What started out as a backyard neighborhood barbecue 50 years ago in a small, unincorporated area near Gurnee, has grown into a popular festival residents call Summerfest.
Located near Grandwood Park, 36753 N. Hutchins Road, Summerfest celebrates the half-century mark on Friday, July 13, through Saturday, July 14.
Nancy Carlson, Grandwood Park Park District president and treasurer for the Grandwood Park Civic Association, still remembers the years before entertainment vendors.
"We did our own games, our own everything," said Carlson, a resident of Grandwood Park for more than 20 years. "It was kind of like, 'let's put on a Broadway show'; everything was hand-painted and made out of plywood."
This year, the carnival lacks only a Ferris wheel, and the predicted attendance for the weekend is around 4,000 to 5,000. The Grandwood Park Civic Association, which organized the event, added amusement park rides, interactive video games, and more fireworks.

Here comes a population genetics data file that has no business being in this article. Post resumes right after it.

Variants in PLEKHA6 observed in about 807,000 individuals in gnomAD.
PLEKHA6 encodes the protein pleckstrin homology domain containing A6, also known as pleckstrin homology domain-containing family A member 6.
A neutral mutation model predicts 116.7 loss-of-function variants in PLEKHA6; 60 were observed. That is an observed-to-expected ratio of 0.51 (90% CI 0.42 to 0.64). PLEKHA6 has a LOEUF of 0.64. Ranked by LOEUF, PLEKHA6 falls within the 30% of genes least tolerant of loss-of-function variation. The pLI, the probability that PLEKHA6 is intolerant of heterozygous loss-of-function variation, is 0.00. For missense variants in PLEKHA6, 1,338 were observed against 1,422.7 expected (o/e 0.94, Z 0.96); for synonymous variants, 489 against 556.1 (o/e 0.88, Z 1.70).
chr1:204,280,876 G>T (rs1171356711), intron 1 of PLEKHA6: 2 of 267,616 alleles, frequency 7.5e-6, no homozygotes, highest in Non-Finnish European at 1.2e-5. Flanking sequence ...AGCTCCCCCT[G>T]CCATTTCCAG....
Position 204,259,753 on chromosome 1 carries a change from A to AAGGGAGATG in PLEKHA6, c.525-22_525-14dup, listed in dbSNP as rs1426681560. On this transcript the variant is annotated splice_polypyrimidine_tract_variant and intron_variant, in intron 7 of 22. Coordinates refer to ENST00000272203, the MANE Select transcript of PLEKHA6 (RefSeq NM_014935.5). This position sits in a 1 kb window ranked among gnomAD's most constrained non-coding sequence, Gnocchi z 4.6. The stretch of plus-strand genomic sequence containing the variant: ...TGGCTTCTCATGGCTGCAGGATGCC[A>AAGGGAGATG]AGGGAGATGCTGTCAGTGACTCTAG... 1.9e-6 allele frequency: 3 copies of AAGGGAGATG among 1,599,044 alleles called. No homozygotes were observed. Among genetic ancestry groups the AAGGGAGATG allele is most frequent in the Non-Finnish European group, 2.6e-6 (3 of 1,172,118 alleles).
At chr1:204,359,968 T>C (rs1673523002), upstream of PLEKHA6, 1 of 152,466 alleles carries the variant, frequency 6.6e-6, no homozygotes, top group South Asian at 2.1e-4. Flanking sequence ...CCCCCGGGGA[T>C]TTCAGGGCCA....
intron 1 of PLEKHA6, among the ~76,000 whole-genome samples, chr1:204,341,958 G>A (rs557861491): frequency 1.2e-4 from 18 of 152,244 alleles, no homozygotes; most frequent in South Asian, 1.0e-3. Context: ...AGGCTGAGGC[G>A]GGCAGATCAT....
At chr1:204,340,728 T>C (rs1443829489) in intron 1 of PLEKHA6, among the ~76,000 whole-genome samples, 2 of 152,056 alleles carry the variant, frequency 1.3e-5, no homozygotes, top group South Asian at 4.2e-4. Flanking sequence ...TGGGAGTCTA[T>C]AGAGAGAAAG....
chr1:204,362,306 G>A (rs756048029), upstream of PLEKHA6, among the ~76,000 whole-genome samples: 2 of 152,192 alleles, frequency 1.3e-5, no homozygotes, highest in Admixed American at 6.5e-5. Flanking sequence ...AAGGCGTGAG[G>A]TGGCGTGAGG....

"We're growing. We're looking into things we hadn't before," said Bill Reil, president of Grandwood Park Civic Association.
Reil said the festival used to be located near a lake in Grandwood Lake Park, 36801 N. Grandwood Drive, but was moved a few years ago in order to expand.
"We didn't outgrow (that location), but moved for the opportunity to do more things," he said. "We've been doing more and more over the last couple years."
Although the attendance has risen and vendors are expanding, residents said the fest will always maintain its family-oriented atmosphere.
"It's very noncommercial, it still has the small town festival feel," Carlson said.
Katie LeClair, assistant teacher at Grandwood Park Preschool, said the festival will still have some of her favorite family games, such as the watermelon eating and seed spitting contest and a bags tournament.
The festival will have the theme "Twisting the Night Way," to commemorate the 1960s, the decade of the first Summerfest. There will also be a Battle of the Bands competition, a 5k, bike and wagon parade, petting zoo, and other exhibits at the festival.
"It's like a little slice of yesteryear," Carlson said. "You just don't see this type of community anymore."